Northwest Multiple Listing Service real estate brokers reported rising prices on fewer sales during March compared to a year ago, citing inventory shortages as the main reason. (This post first appeared at ANewDayRealEstate.com)
Members of the MLS reported 9,183 pending sales (mutually accepted offers) during the month, about 300 fewer than the same period a year ago for a 3.2 percent drop. Compared to February, pending sales surged 26.7 percent in March, or by 1,936 transactions.
“The only thing holding back sales is the lack of inventory,” said John Deely, a member of the Northwest MLS board of directors. He said one recent listing priced at a fair market value drew more than 40 offers. “The depth of buyer demand appears to have no bottom in the most popular price ranges,” added Deely, the principal managing broker at Coldwell Banker Bain in Seattle.
Closed sales were about the same as twelve months ago – 5,753 completed transactions last month, which compares to the year-ago total of 5,745 closed sales.
The median price on last month’s sales of single family homes and condominiums that sold across the 21 counties in the MLS report increased 6 percent, rising from the year-ago figure of $258,500 to last month’s price of $274,000.
Adequate supply to meet demand is a continuing concern, according to Northwest MLS representatives who commented on the latest numbers. Many industry leaders expect the imbalance to persist.
MLS members added 9,598 new listings to the database during March, slightly more than a year ago when they added 9,332 new listings. While last month’s additions were about 33 percent more than February when 7,234 new listings were tallied, brisk sales meant supply remained low.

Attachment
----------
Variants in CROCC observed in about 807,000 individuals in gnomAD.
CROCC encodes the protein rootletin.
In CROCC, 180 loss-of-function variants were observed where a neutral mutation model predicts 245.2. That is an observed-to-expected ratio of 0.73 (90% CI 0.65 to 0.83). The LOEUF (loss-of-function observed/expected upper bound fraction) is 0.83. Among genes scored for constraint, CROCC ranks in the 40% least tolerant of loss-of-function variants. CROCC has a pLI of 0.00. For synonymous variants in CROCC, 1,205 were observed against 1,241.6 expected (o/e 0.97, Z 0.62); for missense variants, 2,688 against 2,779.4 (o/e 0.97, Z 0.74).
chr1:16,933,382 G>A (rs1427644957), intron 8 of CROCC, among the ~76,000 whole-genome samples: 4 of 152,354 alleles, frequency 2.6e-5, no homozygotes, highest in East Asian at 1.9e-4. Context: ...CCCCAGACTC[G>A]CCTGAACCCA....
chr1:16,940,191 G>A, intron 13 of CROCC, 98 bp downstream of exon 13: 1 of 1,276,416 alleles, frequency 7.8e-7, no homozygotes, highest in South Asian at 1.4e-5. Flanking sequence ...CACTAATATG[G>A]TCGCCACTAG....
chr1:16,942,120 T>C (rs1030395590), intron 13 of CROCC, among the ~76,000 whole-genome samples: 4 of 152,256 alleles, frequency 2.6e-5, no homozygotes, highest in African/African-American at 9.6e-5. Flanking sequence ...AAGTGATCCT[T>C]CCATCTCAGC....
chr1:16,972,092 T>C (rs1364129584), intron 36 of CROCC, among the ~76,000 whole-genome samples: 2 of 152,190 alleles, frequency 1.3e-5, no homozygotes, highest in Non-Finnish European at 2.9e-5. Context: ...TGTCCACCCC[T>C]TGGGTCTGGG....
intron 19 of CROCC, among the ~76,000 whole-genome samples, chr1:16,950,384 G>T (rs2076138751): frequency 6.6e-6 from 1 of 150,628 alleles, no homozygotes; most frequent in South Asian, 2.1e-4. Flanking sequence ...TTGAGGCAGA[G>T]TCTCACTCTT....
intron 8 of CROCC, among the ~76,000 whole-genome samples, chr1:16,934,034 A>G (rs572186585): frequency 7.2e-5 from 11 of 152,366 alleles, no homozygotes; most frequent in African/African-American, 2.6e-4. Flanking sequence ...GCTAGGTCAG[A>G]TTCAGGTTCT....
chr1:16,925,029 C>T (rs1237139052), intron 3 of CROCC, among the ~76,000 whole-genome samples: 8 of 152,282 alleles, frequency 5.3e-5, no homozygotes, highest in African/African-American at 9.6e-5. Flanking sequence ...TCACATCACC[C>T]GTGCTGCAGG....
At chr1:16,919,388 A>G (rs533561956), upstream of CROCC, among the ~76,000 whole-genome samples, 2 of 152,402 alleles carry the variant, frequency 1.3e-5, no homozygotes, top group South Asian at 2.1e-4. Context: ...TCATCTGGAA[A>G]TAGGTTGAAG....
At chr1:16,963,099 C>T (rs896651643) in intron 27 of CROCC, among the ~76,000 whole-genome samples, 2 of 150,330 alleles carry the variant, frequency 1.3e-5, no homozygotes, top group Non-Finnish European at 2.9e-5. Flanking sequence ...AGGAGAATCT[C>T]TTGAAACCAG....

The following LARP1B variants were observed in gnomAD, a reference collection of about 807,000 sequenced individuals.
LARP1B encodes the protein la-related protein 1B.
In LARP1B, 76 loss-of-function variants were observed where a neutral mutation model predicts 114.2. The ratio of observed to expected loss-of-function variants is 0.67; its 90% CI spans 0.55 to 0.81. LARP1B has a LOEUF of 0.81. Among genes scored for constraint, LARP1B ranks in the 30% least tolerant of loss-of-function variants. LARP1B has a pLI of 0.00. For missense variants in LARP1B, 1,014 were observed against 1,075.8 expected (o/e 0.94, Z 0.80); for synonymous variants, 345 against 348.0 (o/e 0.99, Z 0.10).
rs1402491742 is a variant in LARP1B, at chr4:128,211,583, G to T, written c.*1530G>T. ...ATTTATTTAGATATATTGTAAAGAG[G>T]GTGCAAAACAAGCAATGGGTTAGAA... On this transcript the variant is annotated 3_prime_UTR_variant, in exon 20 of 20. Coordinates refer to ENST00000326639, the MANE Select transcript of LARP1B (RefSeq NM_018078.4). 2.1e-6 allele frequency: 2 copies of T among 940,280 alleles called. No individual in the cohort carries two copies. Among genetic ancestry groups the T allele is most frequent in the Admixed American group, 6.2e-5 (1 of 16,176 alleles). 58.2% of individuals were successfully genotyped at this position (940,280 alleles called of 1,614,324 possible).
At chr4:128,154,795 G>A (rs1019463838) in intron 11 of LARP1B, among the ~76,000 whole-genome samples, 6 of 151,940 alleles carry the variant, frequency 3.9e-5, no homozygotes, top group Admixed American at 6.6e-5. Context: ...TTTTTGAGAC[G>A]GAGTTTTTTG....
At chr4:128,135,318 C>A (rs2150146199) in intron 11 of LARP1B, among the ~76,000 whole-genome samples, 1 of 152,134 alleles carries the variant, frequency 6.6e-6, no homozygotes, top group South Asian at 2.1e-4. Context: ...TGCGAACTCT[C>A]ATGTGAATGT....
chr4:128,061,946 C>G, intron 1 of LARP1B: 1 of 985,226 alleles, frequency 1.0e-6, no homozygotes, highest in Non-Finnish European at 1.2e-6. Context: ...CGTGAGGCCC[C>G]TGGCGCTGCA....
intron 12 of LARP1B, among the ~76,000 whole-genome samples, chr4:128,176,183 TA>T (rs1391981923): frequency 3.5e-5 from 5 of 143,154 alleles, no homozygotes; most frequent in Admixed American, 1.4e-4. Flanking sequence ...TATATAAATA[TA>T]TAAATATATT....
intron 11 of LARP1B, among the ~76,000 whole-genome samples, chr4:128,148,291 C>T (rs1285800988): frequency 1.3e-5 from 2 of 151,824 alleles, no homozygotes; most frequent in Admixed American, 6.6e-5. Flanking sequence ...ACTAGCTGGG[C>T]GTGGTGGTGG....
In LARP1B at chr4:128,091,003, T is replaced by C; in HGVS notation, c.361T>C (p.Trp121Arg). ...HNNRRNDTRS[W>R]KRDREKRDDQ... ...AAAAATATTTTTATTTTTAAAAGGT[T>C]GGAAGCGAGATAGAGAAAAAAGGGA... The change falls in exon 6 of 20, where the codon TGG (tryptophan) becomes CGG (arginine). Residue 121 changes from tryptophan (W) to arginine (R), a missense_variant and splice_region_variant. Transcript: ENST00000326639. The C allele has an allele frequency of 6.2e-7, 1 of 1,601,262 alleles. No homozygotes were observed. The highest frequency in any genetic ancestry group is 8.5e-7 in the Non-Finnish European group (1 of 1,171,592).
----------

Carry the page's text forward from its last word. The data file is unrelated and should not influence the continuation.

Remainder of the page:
At month end, the Northwest MLS reported 19,736 active listings of single family homes and condos across its service area. That’s up about 6.7 percent from twelve months ago.
The MLS said there is about 3.6 months of supply, which is down from the end of February when the service reported about 4.6 months of supply. King County has only about 1.8 months of supply, while Snohomish County was slighter better with 2.2 months of supply.
In general, industry analysts say four-to-six months is the supply needed for a balanced market. “We need a housing supply of over 6 months to have a generally balanced market between home buyers and sellers,” stated Lawrence Yun, chief economist and senior vice president of research at the National Association of Realtors.
“There are many reasons potential sellers should consider selling now,” said Mike Gain, CEO and president of Berkshire Hathaway HomeServices Northwest Real Estate in Seattle. There is less competition now at the beginning of the spring selling season (usually the busiest time of the year) and interest rates are still very low but will likely rise, he noted.
“Now is a great time for move up sellers/buyers who can sell their home quickly and secure another at today’s prices and today’s lower interest rates,” Gain suggested, emphasizing, “Buying a home today is going to prove to be a smart investment in the long run.”